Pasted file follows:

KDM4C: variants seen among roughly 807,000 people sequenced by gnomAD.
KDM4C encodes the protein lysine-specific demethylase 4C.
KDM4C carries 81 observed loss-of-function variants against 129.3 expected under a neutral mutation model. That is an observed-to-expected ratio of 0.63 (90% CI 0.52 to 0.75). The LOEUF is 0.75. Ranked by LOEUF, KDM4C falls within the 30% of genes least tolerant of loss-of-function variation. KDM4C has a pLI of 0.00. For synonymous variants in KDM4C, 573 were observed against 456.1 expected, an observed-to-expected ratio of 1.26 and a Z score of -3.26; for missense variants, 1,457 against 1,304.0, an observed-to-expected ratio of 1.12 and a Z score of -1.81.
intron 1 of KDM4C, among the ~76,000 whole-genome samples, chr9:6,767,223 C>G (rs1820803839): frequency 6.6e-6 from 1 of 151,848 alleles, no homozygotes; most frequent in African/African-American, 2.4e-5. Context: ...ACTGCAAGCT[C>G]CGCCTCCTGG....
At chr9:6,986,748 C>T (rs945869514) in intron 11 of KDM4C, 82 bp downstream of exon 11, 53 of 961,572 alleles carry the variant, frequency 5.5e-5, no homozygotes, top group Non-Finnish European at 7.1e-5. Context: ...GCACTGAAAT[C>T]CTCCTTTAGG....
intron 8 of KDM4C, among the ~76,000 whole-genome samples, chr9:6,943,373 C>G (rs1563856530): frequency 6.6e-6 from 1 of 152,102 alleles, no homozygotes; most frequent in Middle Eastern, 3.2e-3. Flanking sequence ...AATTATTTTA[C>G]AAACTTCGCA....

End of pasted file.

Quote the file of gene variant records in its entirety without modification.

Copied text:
KDM4C: variants seen among roughly 807,000 people sequenced by gnomAD.
KDM4C encodes the protein lysine-specific demethylase 4C.
KDM4C carries 81 observed loss-of-function variants against 129.3 expected under a neutral mutation model. That is an observed-to-expected ratio of 0.63 (90% CI 0.52 to 0.75). The LOEUF is 0.75. Ranked by LOEUF, KDM4C falls within the 30% of genes least tolerant of loss-of-function variation. KDM4C has a pLI of 0.00. For synonymous variants in KDM4C, 573 were observed against 456.1 expected, an observed-to-expected ratio of 1.26 and a Z score of -3.26; for missense variants, 1,457 against 1,304.0, an observed-to-expected ratio of 1.12 and a Z score of -1.81.
intron 1 of KDM4C, among the ~76,000 whole-genome samples, chr9:6,767,223 C>G (rs1820803839): frequency 6.6e-6 from 1 of 151,848 alleles, no homozygotes; most frequent in African/African-American, 2.4e-5. Context: ...ACTGCAAGCT[C>G]CGCCTCCTGG....
At chr9:6,986,748 C>T (rs945869514) in intron 11 of KDM4C, 82 bp downstream of exon 11, 53 of 961,572 alleles carry the variant, frequency 5.5e-5, no homozygotes, top group Non-Finnish European at 7.1e-5. Context: ...GCACTGAAAT[C>T]CTCCTTTAGG....
intron 8 of KDM4C, among the ~76,000 whole-genome samples, chr9:6,943,373 C>G (rs1563856530): frequency 6.6e-6 from 1 of 152,102 alleles, no homozygotes; most frequent in Middle Eastern, 3.2e-3. Flanking sequence ...AATTATTTTA[C>G]AAACTTCGCA....